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Archive for Sunday, September 25, 2005

Books of a feather fly high

September 25, 2005

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From reality to the unreal, these books allow for a lot of fowl play. Beaks and bills vie for the attention of very young readers.

"Tickle the Duck!" by Ethan Long starts with a basic premise: The duck in question is extremely sensitive when it comes to various parts of his anatomy. The touch-and-feel format allow readers to stroke soft and webbed textures as they tickle Duck on his torso and his foot, under his wing, and finally, on his responsive belly.

The book (Little, Brown and Co., $10.99) lets preschoolers see that they're not the only ones who like tickling in some places, but not others. Persistent chuckles and protests from Duck are sure to prompt readers to try getting the same reaction from adults, which will make for a free-for-all.

Concern about the fact that dodos are extinct is momentarily allayed in "I Am Dodo: Not a True Story," by Kae Nishimura (Clarion Books, $15). In this tale, a lone surviving dodo manages to make it to New York City, where he is first pursued by and eventually makes friends with a very old professor and his dog.

The professor forgets about wanting to capture the bird when he sees Dodo dance. Ultimately, Dodo, Spotty and the man frolic in the park, out of sight of a busy everyday world.

The magic's in the details here: Dodo masquerading as a sign while playing hide-and-seek, and passing by the Eiffel Tower before catching a ship that sails by the Statue of Liberty. New Yorkers with spiked hair and red go-go boots. A banana tossed by a diner directly into hungry Dodo's path.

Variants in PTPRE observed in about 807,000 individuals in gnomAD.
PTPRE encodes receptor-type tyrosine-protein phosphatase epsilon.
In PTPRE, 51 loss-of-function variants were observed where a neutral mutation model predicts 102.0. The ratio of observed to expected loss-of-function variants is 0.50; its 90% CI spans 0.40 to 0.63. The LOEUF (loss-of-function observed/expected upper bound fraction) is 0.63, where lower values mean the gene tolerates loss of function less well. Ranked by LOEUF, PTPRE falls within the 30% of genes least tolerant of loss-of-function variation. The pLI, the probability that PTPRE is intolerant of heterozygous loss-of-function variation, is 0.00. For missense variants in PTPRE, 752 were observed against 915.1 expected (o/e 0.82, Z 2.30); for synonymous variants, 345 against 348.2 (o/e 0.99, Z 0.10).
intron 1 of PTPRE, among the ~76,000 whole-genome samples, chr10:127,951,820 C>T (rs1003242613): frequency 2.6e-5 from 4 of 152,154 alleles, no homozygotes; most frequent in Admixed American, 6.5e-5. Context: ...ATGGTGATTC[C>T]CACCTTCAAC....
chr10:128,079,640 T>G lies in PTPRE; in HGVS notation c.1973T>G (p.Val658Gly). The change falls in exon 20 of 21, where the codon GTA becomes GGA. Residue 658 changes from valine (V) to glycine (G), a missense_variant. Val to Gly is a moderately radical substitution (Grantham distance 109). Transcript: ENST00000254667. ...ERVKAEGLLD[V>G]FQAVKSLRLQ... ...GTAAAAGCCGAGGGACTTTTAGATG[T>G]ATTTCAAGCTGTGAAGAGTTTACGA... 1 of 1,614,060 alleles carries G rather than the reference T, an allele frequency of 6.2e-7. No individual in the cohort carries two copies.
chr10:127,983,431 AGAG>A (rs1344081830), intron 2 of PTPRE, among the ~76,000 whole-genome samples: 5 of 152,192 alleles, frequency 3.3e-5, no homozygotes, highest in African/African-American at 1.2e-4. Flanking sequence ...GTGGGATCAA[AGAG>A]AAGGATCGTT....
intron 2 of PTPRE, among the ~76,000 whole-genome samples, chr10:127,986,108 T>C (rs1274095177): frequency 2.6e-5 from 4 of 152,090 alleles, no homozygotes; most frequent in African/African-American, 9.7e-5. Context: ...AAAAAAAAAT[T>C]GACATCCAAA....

The illustrations are beguiling and endearing. Despite the urbane Manhattanites all around him, it is the round, romping Dodo who single-handedly takes over each page. He is bound to make kids want one just like him.

"Where Do Chicks Come From?" by Amy E. Sklansky with illustrations by Pam Paparone, is at the opposite end of the spectrum, telling the true story of how eggs produce chickens.

With attention to multiple facts, the book (HarperCollins, $15.99) provides an engrossing explanation of how a hen warms and turns her eggs, and how chicks develop inside them.

Giving a day-by-day synopsis, Sklansky chronicles the growth of heart, head, eyes, tail, etc. Paparone offers substantial skills in visually documenting each new stage inside the egg.

Here are three cases where bird-watching doesn't have to entail fancy equipment or even a backyard. A lot can be seen simply by flipping a page.

- Lois Henderlong is a freelance writer. She lives in La Porte, Ind., and can be reached at loisirene@csinet.net.

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